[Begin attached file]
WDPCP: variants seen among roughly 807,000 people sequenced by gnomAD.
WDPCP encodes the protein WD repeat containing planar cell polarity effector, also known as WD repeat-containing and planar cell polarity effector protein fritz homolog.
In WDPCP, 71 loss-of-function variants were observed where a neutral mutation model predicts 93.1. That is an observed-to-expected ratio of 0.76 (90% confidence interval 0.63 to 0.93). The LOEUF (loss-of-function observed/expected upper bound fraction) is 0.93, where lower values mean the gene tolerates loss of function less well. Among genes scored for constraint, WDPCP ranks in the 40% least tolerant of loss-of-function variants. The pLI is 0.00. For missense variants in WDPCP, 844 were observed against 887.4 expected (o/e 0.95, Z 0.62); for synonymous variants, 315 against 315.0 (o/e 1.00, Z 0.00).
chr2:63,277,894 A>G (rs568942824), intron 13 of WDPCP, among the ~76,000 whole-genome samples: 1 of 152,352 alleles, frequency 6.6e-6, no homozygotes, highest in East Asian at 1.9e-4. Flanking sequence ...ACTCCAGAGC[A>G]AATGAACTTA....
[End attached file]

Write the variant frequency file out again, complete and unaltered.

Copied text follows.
WDPCP: variants seen among roughly 807,000 people sequenced by gnomAD.
WDPCP encodes the protein WD repeat containing planar cell polarity effector, also known as WD repeat-containing and planar cell polarity effector protein fritz homolog.
In WDPCP, 71 loss-of-function variants were observed where a neutral mutation model predicts 93.1. That is an observed-to-expected ratio of 0.76 (90% confidence interval 0.63 to 0.93). The LOEUF (loss-of-function observed/expected upper bound fraction) is 0.93, where lower values mean the gene tolerates loss of function less well. Among genes scored for constraint, WDPCP ranks in the 40% least tolerant of loss-of-function variants. The pLI is 0.00. For missense variants in WDPCP, 844 were observed against 887.4 expected (o/e 0.95, Z 0.62); for synonymous variants, 315 against 315.0 (o/e 1.00, Z 0.00).
chr2:63,277,894 A>G (rs568942824), intron 13 of WDPCP, among the ~76,000 whole-genome samples: 1 of 152,352 alleles, frequency 6.6e-6, no homozygotes, highest in East Asian at 1.9e-4. Flanking sequence ...ACTCCAGAGC[A>G]AATGAACTTA....